There are other expenses that you need to consider when determining your company's net profit. Non-operating expenses, such as losses from investments in other firms as well as proceeds from other ventures, are also included in the net profit calculation.

Calculating Net Profit Margin

Net profit margin depicts the ratio of the net profit of a business to its total revenue. It is simply the net profit as a percentage of total business revenue. To calculate the net profit margin of a firm, you need to divide the net profit by the total revenue and multiply the result by a hundred.

From the example used above, the net profit of the soap-making company was $215,000, and its total revenue was $370,000. Hence the net profit margin for the firm would be:

$215,000/$370,000 x 100 = 58%

The soap-making company has a net profit margin of 58%, which means the firm makes 58 cents in net profit for every dollar earned as revenue.

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How to Increase Your Net Profit

Improving a company's net profit is a gradual but strategic process. There are various ways a company can improve its net profit, including:

Review Product Pricing

A price adjustment, however minimal, may be all you need to improve your net profit. Keeping the current market status in mind, optimize your product pricing and apply pricing strategies to retain your customers. It is, however, essential to carry out some market analysis to avoid setting prices that your customers are not willing to pay.

Get Rid of Unprofitable Products and Ventures

Some products or services may yield low profits, yet they take up a significant portion of your company's expenses. Removing such products and services clears up your shelf space for more profitable products and eliminates all costs related to their production and sale. You can quickly identify the products and services to remove by periodically reviewing your inventory for unprofitable ventures.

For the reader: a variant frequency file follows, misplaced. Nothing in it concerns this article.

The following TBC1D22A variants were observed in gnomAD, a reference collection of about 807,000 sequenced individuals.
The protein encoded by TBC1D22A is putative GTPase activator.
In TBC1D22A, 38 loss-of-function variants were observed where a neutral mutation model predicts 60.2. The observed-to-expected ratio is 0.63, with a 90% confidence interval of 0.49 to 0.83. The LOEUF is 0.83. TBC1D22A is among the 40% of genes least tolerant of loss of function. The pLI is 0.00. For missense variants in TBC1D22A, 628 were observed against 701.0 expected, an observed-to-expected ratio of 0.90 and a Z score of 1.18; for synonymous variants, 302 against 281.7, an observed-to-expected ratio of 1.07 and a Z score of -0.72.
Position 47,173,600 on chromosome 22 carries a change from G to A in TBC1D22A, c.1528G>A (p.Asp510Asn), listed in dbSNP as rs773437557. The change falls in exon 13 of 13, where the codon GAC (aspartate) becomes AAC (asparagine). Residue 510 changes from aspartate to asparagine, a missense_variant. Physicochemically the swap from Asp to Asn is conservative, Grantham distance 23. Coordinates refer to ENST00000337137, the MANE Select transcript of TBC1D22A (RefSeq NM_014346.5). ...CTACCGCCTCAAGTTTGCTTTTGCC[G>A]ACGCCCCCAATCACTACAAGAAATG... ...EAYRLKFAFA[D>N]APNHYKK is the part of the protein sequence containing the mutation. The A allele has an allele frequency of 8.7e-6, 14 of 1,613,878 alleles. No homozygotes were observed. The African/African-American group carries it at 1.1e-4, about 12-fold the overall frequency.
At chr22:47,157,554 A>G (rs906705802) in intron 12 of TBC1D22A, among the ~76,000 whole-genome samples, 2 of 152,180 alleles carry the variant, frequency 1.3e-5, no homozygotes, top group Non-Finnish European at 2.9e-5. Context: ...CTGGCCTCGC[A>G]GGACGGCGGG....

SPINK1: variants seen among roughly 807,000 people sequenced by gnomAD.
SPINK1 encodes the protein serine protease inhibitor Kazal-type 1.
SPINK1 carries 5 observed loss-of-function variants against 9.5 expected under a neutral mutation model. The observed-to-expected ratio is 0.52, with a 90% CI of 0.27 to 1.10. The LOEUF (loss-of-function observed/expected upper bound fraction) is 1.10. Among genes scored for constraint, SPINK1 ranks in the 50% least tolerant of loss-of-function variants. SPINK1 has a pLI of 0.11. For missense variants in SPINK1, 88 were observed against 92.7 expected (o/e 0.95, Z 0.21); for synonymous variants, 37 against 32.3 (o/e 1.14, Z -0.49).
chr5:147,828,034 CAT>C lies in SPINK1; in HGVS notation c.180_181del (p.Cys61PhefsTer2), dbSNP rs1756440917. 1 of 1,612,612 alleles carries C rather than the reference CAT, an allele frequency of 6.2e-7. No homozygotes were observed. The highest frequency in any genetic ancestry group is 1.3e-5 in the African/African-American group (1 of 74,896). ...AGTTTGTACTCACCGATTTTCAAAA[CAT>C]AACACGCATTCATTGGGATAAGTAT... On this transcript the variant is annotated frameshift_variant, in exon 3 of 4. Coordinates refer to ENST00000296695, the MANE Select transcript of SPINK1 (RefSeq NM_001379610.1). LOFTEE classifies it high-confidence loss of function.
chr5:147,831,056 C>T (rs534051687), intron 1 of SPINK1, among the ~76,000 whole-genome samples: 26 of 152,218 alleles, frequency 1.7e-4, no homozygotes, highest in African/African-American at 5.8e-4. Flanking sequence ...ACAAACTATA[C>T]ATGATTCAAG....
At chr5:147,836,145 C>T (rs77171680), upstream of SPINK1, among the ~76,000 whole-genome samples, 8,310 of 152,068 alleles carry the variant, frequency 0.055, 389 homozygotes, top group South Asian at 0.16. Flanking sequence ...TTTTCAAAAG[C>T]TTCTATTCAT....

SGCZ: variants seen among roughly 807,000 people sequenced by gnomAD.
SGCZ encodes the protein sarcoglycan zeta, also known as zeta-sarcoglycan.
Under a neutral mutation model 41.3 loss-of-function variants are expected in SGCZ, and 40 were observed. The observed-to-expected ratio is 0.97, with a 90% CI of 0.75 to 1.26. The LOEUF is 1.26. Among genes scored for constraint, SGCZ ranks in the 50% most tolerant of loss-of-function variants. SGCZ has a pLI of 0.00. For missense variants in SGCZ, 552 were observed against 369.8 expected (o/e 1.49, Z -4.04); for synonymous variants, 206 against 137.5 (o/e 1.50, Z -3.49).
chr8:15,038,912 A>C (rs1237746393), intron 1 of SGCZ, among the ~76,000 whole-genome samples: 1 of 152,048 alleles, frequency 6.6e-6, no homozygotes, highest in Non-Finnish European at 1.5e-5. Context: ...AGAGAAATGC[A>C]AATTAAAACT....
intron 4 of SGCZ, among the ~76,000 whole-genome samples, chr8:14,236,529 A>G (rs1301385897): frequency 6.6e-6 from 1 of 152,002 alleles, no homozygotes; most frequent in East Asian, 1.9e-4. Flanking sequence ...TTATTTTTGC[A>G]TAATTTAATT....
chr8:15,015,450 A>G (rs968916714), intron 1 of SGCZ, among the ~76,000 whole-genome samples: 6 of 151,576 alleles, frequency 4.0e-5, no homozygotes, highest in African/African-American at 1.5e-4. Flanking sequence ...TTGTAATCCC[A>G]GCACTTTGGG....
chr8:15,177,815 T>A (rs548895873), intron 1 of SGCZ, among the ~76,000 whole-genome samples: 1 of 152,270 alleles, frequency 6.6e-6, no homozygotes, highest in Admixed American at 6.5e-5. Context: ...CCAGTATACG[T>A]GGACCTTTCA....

Reduce Variable Costs

You may be able to reduce your cost of goods sold, whether creating your own products or reselling items. For instance, as a retailer, you may be in a position to find a cheaper source for your items or negotiate a lower amount with your current supplier.

Manufacturers could apply a wider range of reductions in the production phase by either streamlining their production processes or seeking cost-efficient materials. These changes could go a long way in increasing a company's net profit.

Cut Back on Overhead Costs

Overhead costs consist of expenses incurred in running your business. Whether it is office supplies, travel expenses, or marketing costs, there is likely an expense that you could reduce to improve your net profit. Carry out a detailed review of your firm's overhead expenses and identify departments or processes that use up more costs and how you could reduce them.

You could also find restructuring your company an ideal option to cut back on the numerous overhead costs that you have identified. That way, you could also optimize various departments for higher productivity and further improve your company's net profit.


You can now calculate your net profit by deducting your business expenses from the total revenue. It is essential to calculate the net profit of your firm as it indicates the profit earned from a business venture in a given period. Continuous assessment of this crucial financial metric allows a business to optimize its processes and create a clear plan of expansion.

By better understanding the factors that affect net profit and how to calculate it accurately, you offer your business a better chance at growth.

If you want to have a better sense of your business status and how you could improve it, reach out to us or visit our website today. We understand that the growth and expansion of your business are anchored in your ability to understand its current needs and optimize its operations accordingly.